Watch out for cheats in citation game

When scientists misbehave, the culture of ‘publish or perish’ is often blamed. Some researchers cut corners, massage data and images or invent results to secure academic papers and the rewards that come with them. This is rightly regarded as misconduct. But there is a new class of bad behaviour — one that is driven by a related but different pressure: ‘impact or perish’.

It is no longer enough for scientists to publish their work. The work must be seen to have an influential shelf life. This drive for impact places the academic paper at the centre of a web of metrics — typically, where it is published and how many times it is cited — and a good score on these metrics becomes a goal that scientists and publishers are willing to cheat for.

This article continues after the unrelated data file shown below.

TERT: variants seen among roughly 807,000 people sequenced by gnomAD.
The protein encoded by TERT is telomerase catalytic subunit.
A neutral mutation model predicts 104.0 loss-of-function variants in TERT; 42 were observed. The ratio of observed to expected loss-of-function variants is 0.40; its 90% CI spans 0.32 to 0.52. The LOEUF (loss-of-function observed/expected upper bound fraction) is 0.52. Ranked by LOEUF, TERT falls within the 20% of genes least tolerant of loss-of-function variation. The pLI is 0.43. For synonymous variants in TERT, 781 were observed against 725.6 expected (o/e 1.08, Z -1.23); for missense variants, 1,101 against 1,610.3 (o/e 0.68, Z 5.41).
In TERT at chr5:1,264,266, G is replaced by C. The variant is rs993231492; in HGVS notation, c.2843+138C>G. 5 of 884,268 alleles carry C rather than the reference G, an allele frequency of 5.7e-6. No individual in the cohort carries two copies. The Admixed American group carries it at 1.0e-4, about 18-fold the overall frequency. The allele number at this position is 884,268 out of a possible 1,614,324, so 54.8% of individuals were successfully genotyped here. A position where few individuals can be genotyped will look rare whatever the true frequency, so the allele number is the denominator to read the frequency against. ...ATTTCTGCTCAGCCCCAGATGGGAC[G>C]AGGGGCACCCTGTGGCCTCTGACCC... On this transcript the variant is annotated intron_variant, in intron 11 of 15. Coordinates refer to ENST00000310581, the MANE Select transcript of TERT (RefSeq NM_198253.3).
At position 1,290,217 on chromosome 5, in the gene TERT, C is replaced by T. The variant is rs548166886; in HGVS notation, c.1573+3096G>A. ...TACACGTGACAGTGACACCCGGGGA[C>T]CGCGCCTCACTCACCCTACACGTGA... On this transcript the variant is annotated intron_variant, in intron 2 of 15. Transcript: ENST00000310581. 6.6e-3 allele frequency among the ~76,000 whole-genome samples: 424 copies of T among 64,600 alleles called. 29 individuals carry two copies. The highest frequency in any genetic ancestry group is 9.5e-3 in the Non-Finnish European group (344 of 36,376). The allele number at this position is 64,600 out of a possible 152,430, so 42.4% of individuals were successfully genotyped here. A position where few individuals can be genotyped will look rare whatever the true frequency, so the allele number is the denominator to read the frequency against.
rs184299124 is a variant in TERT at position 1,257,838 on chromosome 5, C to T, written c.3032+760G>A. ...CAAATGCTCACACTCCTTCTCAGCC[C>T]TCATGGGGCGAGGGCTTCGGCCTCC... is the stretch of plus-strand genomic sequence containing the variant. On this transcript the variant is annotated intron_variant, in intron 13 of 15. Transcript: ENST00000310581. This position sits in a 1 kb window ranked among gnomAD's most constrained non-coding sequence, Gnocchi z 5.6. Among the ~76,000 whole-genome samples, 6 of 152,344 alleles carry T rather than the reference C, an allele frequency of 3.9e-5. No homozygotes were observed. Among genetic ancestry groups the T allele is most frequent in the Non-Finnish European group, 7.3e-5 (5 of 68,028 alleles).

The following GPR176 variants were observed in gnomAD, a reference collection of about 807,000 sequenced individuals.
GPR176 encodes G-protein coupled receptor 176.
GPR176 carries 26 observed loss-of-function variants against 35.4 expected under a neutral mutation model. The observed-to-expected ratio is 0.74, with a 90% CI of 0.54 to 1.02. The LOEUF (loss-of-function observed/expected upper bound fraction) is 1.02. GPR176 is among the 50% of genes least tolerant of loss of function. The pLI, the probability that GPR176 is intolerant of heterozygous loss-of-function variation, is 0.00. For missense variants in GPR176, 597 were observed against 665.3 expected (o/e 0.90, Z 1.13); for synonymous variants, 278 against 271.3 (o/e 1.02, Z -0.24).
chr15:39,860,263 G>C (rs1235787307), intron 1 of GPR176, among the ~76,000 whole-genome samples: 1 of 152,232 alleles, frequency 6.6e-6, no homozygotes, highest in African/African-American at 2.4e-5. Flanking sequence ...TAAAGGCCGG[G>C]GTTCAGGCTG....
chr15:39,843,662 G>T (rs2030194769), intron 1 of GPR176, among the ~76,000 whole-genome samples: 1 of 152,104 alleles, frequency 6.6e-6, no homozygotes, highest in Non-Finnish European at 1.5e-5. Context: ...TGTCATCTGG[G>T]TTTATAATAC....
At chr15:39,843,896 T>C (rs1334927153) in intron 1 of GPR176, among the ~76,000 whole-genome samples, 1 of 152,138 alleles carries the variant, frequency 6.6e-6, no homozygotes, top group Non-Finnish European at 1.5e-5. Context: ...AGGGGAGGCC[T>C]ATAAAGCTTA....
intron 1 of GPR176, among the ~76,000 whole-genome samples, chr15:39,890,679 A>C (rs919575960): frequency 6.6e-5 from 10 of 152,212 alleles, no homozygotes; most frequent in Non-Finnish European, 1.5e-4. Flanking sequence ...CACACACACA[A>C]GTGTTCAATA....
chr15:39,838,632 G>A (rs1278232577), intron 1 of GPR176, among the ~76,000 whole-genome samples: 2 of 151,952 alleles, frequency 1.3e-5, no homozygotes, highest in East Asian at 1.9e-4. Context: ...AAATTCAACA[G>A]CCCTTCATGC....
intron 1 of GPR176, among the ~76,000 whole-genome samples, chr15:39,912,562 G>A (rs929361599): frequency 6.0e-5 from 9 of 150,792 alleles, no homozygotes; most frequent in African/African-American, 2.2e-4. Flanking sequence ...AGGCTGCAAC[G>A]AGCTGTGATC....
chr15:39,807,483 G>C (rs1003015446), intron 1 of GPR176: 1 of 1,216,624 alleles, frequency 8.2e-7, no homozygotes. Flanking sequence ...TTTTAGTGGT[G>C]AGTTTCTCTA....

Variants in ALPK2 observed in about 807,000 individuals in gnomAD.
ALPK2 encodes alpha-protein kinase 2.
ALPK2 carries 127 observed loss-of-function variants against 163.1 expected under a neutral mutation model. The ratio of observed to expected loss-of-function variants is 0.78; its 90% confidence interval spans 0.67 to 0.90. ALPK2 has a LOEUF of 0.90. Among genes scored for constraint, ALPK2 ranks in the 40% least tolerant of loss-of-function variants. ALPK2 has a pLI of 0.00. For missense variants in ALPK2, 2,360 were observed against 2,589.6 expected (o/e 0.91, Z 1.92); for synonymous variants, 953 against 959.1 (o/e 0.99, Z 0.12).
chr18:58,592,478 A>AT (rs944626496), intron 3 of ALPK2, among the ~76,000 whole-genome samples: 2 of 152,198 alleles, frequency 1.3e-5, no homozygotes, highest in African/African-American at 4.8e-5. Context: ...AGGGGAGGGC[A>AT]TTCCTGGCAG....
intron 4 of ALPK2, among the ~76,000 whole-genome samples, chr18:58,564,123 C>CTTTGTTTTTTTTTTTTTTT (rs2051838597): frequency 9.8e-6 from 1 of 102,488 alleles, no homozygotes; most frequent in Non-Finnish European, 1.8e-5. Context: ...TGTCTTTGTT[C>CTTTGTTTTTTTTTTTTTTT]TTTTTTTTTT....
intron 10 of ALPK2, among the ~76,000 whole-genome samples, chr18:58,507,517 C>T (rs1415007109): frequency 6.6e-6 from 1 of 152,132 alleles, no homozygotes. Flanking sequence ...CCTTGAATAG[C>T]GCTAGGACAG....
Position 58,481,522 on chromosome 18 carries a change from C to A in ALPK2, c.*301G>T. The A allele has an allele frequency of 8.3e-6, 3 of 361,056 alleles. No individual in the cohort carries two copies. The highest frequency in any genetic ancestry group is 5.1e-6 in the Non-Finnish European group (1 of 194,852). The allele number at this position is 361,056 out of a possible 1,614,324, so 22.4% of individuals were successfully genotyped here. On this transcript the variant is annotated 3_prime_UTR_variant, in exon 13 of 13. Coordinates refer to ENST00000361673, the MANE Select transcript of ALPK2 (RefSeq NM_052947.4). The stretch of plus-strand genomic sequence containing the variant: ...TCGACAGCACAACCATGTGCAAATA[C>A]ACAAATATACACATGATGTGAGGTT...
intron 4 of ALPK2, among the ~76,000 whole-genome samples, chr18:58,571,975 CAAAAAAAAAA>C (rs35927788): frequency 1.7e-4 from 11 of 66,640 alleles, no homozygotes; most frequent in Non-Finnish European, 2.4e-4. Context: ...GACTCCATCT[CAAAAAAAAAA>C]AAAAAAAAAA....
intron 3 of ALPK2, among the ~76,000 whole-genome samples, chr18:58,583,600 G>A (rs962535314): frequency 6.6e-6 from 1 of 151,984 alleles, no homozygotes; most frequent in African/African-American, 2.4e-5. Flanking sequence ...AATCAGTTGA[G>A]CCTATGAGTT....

Collectively, these new practices don’t seek to produce articles that are based on fraudulent evidence or claims. Rather, they use fraudulent means to secure their publication, enhance their impact and inflate the importance of those who write them. They are on the march — and scientists no longer have to look far to find them. News about research now includes regular reports of authors who supply fake e-mail addresses of suggested peer reviewers. They then use those addresses to offer reports that are supportive enough to ensure that the paper is published. ‘Review and citation’ rings go a step further, trading favourable fake reviews for citations to the reviewer’s work. Others hack publisher databases to seek more invitations to review papers, and so possibly insert more citations to their own work.

“All metrics of scientific evaluation are bound to be abused.”